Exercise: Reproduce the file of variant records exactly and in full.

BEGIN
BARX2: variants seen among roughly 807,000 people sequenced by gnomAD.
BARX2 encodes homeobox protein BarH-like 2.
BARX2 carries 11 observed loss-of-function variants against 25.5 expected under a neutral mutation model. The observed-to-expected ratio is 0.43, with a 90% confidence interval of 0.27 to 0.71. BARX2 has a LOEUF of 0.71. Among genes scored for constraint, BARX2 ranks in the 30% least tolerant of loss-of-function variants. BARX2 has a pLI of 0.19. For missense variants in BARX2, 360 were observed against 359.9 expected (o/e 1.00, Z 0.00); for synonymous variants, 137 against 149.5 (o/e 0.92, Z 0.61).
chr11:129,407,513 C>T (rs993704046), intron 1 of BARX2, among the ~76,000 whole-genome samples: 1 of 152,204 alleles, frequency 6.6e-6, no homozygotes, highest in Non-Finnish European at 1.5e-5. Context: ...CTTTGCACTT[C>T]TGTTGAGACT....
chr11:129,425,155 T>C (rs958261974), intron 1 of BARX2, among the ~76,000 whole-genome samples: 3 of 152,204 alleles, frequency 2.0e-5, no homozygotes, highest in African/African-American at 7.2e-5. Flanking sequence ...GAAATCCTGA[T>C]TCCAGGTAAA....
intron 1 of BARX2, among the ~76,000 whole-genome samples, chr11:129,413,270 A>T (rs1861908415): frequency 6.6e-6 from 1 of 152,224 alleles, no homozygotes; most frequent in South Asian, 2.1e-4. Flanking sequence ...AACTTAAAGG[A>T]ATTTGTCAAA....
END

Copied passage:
BARX2: variants seen among roughly 807,000 people sequenced by gnomAD.
BARX2 encodes homeobox protein BarH-like 2.
BARX2 carries 11 observed loss-of-function variants against 25.5 expected under a neutral mutation model. The observed-to-expected ratio is 0.43, with a 90% confidence interval of 0.27 to 0.71. BARX2 has a LOEUF of 0.71. Among genes scored for constraint, BARX2 ranks in the 30% least tolerant of loss-of-function variants. BARX2 has a pLI of 0.19. For missense variants in BARX2, 360 were observed against 359.9 expected (o/e 1.00, Z 0.00); for synonymous variants, 137 against 149.5 (o/e 0.92, Z 0.61).
chr11:129,407,513 C>T (rs993704046), intron 1 of BARX2, among the ~76,000 whole-genome samples: 1 of 152,204 alleles, frequency 6.6e-6, no homozygotes, highest in Non-Finnish European at 1.5e-5. Context: ...CTTTGCACTT[C>T]TGTTGAGACT....
chr11:129,425,155 T>C (rs958261974), intron 1 of BARX2, among the ~76,000 whole-genome samples: 3 of 152,204 alleles, frequency 2.0e-5, no homozygotes, highest in African/African-American at 7.2e-5. Flanking sequence ...GAAATCCTGA[T>C]TCCAGGTAAA....
intron 1 of BARX2, among the ~76,000 whole-genome samples, chr11:129,413,270 A>T (rs1861908415): frequency 6.6e-6 from 1 of 152,224 alleles, no homozygotes; most frequent in South Asian, 2.1e-4. Flanking sequence ...AACTTAAAGG[A>T]ATTTGTCAAA....